At a recent visit to my favorite local wine shop, the sales rep who knows me well recommended a New Zealand Sauvignon Blanc with gooseberry aromas. It was a very good wine, but I had no idea what to expect regarding gooseberry. So this morning when I saw red gooseberries for sale at the grocery store (gooseberries can be red or green), I gladly paid $5 for the 6 ounce container.
They range in size from dime to fifty-cent piece and are the color and shape of red table grapes with dark basketball-like lines of longitude. Some of the riper berries had prickly little hairs.
So how do red gooseberries taste? The simplest explanation is sour grape. A slightly longer explanation is ripe plum and red grape beginning, sweet floral mid-palate, and after the flesh and juice are gone the skin tastes a little grassy and very sour—I mean turn your head sideways and go “Wow!” kind of sour.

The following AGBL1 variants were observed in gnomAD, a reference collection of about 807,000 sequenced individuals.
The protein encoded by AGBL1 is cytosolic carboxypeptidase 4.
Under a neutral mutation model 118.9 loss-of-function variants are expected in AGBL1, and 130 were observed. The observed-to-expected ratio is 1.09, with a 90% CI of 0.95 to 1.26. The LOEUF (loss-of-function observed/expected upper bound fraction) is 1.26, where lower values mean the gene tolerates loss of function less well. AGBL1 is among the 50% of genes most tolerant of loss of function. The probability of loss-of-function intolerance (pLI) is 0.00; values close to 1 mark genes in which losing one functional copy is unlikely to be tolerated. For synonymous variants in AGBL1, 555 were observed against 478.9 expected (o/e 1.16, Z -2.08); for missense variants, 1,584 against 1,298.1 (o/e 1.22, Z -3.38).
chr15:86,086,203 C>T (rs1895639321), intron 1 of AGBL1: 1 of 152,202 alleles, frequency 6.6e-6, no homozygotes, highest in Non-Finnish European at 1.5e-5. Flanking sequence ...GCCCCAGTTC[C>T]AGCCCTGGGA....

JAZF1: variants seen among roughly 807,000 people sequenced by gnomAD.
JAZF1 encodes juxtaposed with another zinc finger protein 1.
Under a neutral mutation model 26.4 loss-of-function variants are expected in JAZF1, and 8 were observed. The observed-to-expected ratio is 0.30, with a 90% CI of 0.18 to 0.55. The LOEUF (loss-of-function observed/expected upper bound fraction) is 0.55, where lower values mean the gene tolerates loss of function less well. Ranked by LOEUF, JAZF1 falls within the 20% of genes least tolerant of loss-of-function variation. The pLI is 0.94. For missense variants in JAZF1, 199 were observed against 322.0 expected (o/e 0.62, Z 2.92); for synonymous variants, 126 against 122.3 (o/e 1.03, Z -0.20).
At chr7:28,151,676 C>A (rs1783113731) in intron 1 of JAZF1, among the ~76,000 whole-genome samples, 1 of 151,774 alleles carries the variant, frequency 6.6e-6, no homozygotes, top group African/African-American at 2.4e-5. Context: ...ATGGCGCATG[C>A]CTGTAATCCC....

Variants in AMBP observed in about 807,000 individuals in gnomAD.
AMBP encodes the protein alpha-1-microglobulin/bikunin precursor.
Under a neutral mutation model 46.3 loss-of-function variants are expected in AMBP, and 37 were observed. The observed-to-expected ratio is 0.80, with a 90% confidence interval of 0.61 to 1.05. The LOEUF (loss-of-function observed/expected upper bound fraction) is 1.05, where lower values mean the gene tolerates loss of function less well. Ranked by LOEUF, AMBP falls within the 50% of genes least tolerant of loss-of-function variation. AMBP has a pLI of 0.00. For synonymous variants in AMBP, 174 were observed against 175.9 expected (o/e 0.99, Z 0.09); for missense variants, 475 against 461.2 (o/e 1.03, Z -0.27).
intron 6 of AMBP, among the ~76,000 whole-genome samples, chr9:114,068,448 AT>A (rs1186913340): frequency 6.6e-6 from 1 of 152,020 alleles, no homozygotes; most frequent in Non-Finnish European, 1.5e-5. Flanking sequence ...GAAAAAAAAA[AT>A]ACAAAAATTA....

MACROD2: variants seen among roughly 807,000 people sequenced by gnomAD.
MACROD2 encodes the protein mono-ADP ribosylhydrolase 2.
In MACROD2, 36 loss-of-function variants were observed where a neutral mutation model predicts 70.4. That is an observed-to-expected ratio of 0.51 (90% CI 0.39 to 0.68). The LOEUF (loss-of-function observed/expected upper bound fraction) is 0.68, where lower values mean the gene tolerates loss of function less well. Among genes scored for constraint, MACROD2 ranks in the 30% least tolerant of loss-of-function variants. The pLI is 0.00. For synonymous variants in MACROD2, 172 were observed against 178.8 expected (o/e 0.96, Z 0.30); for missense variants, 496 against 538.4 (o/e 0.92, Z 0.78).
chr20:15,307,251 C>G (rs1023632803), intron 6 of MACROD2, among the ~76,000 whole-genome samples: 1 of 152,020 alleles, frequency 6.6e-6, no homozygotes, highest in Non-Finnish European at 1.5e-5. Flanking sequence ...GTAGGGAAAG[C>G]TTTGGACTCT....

And because I wanted to geek out extra hard, after eating several gooseberries I mashed up a few with a fork to smell them. The smell is tropical plum with a little grass and a tiny bit of tartness (gentle euphemism for sour).
You can also check out Dr. Vinny’s post about gooseberry at WineSpectator.com.
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